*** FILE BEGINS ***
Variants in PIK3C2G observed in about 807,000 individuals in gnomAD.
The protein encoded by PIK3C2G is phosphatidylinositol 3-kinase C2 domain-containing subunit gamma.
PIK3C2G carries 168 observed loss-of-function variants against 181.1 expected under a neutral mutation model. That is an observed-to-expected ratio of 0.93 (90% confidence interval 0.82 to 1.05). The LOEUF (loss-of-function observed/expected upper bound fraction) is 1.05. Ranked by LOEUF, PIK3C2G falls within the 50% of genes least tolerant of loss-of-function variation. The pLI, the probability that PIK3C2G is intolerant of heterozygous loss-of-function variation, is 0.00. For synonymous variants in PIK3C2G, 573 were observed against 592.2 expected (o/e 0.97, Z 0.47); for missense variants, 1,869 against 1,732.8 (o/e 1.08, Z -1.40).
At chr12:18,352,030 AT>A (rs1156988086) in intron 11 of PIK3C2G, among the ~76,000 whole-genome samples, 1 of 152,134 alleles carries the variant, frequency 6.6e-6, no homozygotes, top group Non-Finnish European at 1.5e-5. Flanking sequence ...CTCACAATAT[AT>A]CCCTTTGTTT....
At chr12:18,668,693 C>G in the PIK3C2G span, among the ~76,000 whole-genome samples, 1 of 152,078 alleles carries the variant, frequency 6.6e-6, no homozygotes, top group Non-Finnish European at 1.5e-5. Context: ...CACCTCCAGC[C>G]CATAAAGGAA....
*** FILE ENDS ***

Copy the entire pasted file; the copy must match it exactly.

Variants in PIK3C2G observed in about 807,000 individuals in gnomAD.
The protein encoded by PIK3C2G is phosphatidylinositol 3-kinase C2 domain-containing subunit gamma.
PIK3C2G carries 168 observed loss-of-function variants against 181.1 expected under a neutral mutation model. That is an observed-to-expected ratio of 0.93 (90% confidence interval 0.82 to 1.05). The LOEUF (loss-of-function observed/expected upper bound fraction) is 1.05. Ranked by LOEUF, PIK3C2G falls within the 50% of genes least tolerant of loss-of-function variation. The pLI, the probability that PIK3C2G is intolerant of heterozygous loss-of-function variation, is 0.00. For synonymous variants in PIK3C2G, 573 were observed against 592.2 expected (o/e 0.97, Z 0.47); for missense variants, 1,869 against 1,732.8 (o/e 1.08, Z -1.40).
At chr12:18,352,030 AT>A (rs1156988086) in intron 11 of PIK3C2G, among the ~76,000 whole-genome samples, 1 of 152,134 alleles carries the variant, frequency 6.6e-6, no homozygotes, top group Non-Finnish European at 1.5e-5. Flanking sequence ...CTCACAATAT[AT>A]CCCTTTGTTT....
At chr12:18,668,693 C>G in the PIK3C2G span, among the ~76,000 whole-genome samples, 1 of 152,078 alleles carries the variant, frequency 6.6e-6, no homozygotes, top group Non-Finnish European at 1.5e-5. Context: ...CACCTCCAGC[C>G]CATAAAGGAA....